Too much tourism can affect a country in some negative ways. Travel can cause pollution, travel can push people off their desirable land in favor of large, foreign-owned resorts, and travel can bring unwanted change to a country’s culture. Islands in the Caribbean Sea along big cruise ship routes can attest to this phenomenon. While tourism brings employment and money, it’s not all necessarily good news.
The news broke a few weeks ago, but it will always be relevant. Lonesome George, the world’s last Pinto Island Tortoise and a recognized symbol of the Galapagos, died on June 24th, 2012. If you have ever been to the Galapagos Islands, there is a good chance you saw him. Discovered in 1971, he grew slower and more lackadaisical as the years came and went, but he was still a wonder. The last of his species, he was a living reminder of the dangers that accompany a human presence.
We’d like to take this week to acknowledge the species of the Galapagos that are still in critical danger of extinction. According to the Galapagos Conservancy, we know of thirteen vertebrate species that are now extinct, and of those, humans have witnessed seven of them cross the threshold into non-existence.
Despite the rather unfortunate conditions of today’s economy, tourism is growing closer and closer to becoming the world’s largest industry. Just from 2008, international tourist arrivals were up 6.5% in 2010 to 935 million, and that was after the country with the highest GDP entered a recession. With rapid development occurring worldwide, there is a growing concern for the negative impacts of mass tourism. Sustainability and ecotourism have become essential aspects of the travel industry. However, many times travelers are unaware of exactly what sustainable travel entails and how to incorporate it into their itineraries. As travel companies begin to jump on the green travel bandwagon it can be difficult to decipher which ones truly embrace sustainable travel, by not only minimizing the negative environmental aspects of travel but also contributing the local economy and communities, and which ones are simply claiming to be greener as a marketing plow. Through a series of ecotourism blogs, we will highlight some of the industry trends and changes currently occurring to give travelers a better understanding of what it means to travel sustainably.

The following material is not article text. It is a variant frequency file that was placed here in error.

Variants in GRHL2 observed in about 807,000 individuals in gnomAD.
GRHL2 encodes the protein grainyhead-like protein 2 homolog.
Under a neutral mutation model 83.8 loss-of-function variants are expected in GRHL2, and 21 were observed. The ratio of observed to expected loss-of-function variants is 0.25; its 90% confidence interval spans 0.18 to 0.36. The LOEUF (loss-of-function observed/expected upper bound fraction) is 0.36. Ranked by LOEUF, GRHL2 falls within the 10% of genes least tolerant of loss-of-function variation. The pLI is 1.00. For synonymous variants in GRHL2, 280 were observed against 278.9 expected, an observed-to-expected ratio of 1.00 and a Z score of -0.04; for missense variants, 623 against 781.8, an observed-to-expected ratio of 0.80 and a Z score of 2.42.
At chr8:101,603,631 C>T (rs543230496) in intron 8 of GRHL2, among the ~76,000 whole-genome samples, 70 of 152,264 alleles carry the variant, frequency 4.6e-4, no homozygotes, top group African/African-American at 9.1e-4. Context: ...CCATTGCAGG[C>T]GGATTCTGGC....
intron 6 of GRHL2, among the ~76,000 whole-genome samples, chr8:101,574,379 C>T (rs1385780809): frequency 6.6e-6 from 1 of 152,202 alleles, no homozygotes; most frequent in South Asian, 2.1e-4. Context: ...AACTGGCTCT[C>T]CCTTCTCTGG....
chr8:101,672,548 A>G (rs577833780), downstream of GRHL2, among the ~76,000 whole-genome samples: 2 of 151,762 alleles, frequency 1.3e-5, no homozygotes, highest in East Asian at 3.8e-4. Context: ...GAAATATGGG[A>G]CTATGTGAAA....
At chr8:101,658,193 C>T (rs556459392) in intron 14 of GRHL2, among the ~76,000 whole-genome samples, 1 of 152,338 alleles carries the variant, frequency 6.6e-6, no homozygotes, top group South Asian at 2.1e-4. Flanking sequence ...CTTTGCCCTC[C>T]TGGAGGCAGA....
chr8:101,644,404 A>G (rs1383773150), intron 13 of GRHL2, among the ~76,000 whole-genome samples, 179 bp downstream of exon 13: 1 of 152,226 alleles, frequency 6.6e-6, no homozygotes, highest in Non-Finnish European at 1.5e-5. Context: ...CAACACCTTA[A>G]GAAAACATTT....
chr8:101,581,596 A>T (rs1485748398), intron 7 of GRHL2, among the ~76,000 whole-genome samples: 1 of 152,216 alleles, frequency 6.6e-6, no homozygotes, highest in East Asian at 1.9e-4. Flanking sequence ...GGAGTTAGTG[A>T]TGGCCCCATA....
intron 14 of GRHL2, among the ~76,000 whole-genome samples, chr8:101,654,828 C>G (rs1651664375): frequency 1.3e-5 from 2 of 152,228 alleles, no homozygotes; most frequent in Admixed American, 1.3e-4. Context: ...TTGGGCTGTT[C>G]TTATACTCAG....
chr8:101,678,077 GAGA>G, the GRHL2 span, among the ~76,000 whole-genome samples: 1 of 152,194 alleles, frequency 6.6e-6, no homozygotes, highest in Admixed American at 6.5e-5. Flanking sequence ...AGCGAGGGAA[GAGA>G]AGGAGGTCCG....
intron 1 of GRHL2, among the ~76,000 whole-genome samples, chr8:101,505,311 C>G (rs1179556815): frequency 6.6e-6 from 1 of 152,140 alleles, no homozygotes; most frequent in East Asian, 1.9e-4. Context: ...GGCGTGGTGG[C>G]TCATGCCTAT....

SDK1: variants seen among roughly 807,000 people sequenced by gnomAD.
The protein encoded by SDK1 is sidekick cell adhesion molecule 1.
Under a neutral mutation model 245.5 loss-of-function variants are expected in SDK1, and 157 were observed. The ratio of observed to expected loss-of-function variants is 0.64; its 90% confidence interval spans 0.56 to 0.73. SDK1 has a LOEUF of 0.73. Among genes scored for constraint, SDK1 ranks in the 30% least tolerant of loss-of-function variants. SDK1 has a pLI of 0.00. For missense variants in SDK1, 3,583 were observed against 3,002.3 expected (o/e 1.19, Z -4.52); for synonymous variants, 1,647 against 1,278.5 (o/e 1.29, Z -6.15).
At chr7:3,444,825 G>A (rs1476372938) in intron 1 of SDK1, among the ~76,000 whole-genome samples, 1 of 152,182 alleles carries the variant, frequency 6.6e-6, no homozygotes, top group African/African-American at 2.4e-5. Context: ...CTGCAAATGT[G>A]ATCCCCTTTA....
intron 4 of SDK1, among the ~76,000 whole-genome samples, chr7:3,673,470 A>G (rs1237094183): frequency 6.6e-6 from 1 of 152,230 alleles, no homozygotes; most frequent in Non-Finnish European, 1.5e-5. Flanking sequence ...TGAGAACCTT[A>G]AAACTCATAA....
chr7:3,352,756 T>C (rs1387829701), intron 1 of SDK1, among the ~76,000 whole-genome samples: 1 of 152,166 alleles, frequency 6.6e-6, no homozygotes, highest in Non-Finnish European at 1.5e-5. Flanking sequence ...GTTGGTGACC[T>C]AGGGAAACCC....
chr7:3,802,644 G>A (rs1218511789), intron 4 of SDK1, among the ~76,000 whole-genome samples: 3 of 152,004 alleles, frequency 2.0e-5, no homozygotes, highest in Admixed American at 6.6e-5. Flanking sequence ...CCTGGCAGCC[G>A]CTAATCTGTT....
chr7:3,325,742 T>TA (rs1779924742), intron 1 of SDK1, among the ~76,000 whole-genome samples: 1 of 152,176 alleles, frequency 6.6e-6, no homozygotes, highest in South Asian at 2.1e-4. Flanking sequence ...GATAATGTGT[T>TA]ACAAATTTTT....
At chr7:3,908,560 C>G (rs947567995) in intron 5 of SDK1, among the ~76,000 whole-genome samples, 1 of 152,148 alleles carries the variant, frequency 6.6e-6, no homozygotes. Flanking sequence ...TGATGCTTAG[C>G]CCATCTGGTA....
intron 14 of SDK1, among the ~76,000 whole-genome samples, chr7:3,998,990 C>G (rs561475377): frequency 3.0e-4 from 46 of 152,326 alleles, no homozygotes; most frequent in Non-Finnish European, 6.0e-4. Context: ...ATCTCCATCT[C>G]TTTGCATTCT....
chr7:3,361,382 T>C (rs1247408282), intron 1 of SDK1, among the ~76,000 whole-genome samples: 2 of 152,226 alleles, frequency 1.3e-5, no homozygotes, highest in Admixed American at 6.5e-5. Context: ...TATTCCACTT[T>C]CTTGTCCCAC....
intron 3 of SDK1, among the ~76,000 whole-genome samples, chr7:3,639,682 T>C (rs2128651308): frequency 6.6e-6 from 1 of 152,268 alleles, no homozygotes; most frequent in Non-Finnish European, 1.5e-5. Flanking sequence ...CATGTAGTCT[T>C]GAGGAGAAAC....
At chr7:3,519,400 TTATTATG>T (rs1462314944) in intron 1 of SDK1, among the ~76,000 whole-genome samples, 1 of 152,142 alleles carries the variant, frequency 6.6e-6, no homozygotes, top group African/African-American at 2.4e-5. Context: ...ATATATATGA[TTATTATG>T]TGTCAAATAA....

Northern Baja California is one of the most extensive, solitary and naturally beautiful places in Mexico. With over fifteen years exploring the peninsula, I have found a wide variety of experiences and natural landscapes that are as unique and beautiful as any other in the world. If you are looking to get away from it all and find solitude, you don’t have to go so far or spend much to find that perfect beach or unique vacation experience. Remember that an ecotourism vacation starts with the destination you choose and what better way to reduce your carbon foot print than to skip the flight, carpool with friends or family (if you're close enough) and still find a natural paradise. In Baja, solitude, peace, relaxation and fun are all wrapped up in a beautiful pristine natural environment.
You should start by driving past Tijuana and Rosarito and continue south on the toll road to the port city of Ensenada, which can be your first stop. Known as a tourist town, Ensenada acts as a great base from where to explore the many options in northern Baja. The city has a wide range of affordable accommodations and a diverse mix of restaurants for any palate or budget.